How Rupert Murdoch destroyed the Republican Party

Back in 1983, then-Rep. Pat Schroeder (D-Colo.) was fixing eggs for her kids when she looked down and got an idea about President Ronald Reagan. She called him “Teflon-coated” because nothing bad stuck to him. The same could be said about Rupert Murdoch. He’s the Teflon mogul.

This year, Fox News, which Murdoch controls, signed Bill O’Reilly to a $25 million-a-year contract even though the company knew that O’Reilly had recently settled a sexual harassment claim for $32 million. That tidy sum was just the latest of O’Reilly’s sexual harassment settlements, the grand total being about $45 million, which, until he revives his career, has to remain some kind of record.

Not only was 21st Century Fox aware of the settlements, it even helped O’Reilly come up with some of the money and included, in the new contract, that he would be fired if new allegations arose. Not too long before, Fox News forced out its president, Roger Ailes, who also, it turned out, was a serial harasser. In sum, Murdoch presided over a smarmy frat house where sexual harassment was rampant, and, for the longest time and through herculean effort, the network managed to look away.

Somewhat in the same vein, Murdoch did not know that reporters at one of his British newspapers, the News of the World, were hacking into the phones of various newsworthy people. Murdoch, a newspaperman to his bones, apparently never wondered where the scoops were coming from. One of the hacked phones belonged to a murdered school girl. This was too much even for Fleet Street, but Murdoch, three monkeys in one, apparently never saw, heard or said anything.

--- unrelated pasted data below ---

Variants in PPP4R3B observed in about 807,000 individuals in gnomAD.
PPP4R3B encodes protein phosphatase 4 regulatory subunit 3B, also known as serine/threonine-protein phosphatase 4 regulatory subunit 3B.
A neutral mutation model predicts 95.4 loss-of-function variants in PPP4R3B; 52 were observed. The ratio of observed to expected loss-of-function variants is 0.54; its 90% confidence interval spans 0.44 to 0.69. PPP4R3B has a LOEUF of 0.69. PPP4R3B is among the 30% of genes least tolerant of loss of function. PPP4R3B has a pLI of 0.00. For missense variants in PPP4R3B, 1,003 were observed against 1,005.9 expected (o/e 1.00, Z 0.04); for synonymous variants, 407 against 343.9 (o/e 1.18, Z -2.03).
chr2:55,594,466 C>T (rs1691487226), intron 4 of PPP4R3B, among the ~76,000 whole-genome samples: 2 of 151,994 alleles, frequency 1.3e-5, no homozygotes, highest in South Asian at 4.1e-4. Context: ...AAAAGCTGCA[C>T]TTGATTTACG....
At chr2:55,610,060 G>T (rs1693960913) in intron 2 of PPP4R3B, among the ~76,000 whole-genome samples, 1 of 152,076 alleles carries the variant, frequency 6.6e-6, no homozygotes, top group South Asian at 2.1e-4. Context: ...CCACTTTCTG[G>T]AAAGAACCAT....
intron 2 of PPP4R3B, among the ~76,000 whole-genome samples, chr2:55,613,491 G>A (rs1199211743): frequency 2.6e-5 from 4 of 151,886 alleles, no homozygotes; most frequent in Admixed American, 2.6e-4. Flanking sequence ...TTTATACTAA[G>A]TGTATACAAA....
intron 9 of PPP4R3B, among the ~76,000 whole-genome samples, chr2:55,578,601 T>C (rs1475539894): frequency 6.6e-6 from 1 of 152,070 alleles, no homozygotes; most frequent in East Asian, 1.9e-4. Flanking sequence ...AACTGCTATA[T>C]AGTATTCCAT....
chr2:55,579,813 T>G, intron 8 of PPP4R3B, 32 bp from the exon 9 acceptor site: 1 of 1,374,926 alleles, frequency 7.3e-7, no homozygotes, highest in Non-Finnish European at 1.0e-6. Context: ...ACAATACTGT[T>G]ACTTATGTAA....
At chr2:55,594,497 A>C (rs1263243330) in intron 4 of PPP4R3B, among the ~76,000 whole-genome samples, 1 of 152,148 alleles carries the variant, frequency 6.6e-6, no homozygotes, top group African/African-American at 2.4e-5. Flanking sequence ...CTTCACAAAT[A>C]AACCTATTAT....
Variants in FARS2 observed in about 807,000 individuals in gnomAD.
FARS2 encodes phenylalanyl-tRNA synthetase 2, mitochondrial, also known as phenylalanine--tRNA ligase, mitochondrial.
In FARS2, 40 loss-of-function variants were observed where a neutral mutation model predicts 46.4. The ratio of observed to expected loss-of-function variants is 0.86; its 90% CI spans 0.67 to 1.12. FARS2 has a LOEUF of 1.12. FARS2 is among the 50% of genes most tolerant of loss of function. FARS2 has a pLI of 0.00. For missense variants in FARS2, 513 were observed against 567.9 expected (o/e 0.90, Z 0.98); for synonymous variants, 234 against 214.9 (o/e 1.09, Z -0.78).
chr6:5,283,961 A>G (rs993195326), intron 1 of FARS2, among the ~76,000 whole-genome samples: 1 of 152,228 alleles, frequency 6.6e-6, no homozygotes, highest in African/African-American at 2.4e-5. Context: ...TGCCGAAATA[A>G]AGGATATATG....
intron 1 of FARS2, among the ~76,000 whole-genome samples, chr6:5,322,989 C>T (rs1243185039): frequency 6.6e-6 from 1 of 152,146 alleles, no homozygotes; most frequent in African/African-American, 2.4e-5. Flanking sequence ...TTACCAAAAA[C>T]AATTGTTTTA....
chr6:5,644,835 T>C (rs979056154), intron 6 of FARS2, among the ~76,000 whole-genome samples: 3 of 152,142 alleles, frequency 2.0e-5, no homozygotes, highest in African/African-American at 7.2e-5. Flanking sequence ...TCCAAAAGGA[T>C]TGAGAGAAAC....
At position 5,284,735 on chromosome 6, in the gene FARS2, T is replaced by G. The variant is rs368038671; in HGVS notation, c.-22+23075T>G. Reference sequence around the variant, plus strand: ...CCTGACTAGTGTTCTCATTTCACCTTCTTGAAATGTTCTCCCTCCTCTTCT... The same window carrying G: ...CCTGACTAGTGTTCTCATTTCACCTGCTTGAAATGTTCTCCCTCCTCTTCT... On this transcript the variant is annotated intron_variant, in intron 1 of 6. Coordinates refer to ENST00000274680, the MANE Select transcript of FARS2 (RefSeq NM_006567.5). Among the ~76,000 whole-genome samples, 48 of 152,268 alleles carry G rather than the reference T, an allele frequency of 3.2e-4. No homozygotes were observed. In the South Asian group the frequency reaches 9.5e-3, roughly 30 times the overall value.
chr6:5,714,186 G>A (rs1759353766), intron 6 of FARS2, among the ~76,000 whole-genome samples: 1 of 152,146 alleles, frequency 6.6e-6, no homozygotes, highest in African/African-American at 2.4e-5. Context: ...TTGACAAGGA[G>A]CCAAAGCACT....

Murdoch’s lifelong passion has been newspapers, but his real power base is Fox News. The network is to Republicans what the Daily Worker was to American communists — the only trusted news source. With the possible exception of the way the once isolationist Chicago Tribune dominated the Midwest, there has never been anything like it. In the most recent presidential campaign, fully 40 percent of Trump voters said their main source of news was Fox News. Just 8 percent of them relied primarily on CNN — enough, nevertheless, to send Donald Trump baying at the moon about fake news.

These figures are not only bad news for Fox News’s competitor, but they are also bad news for the Republican Party. Fox News has been a force in converting the party of Lincoln into the party of…

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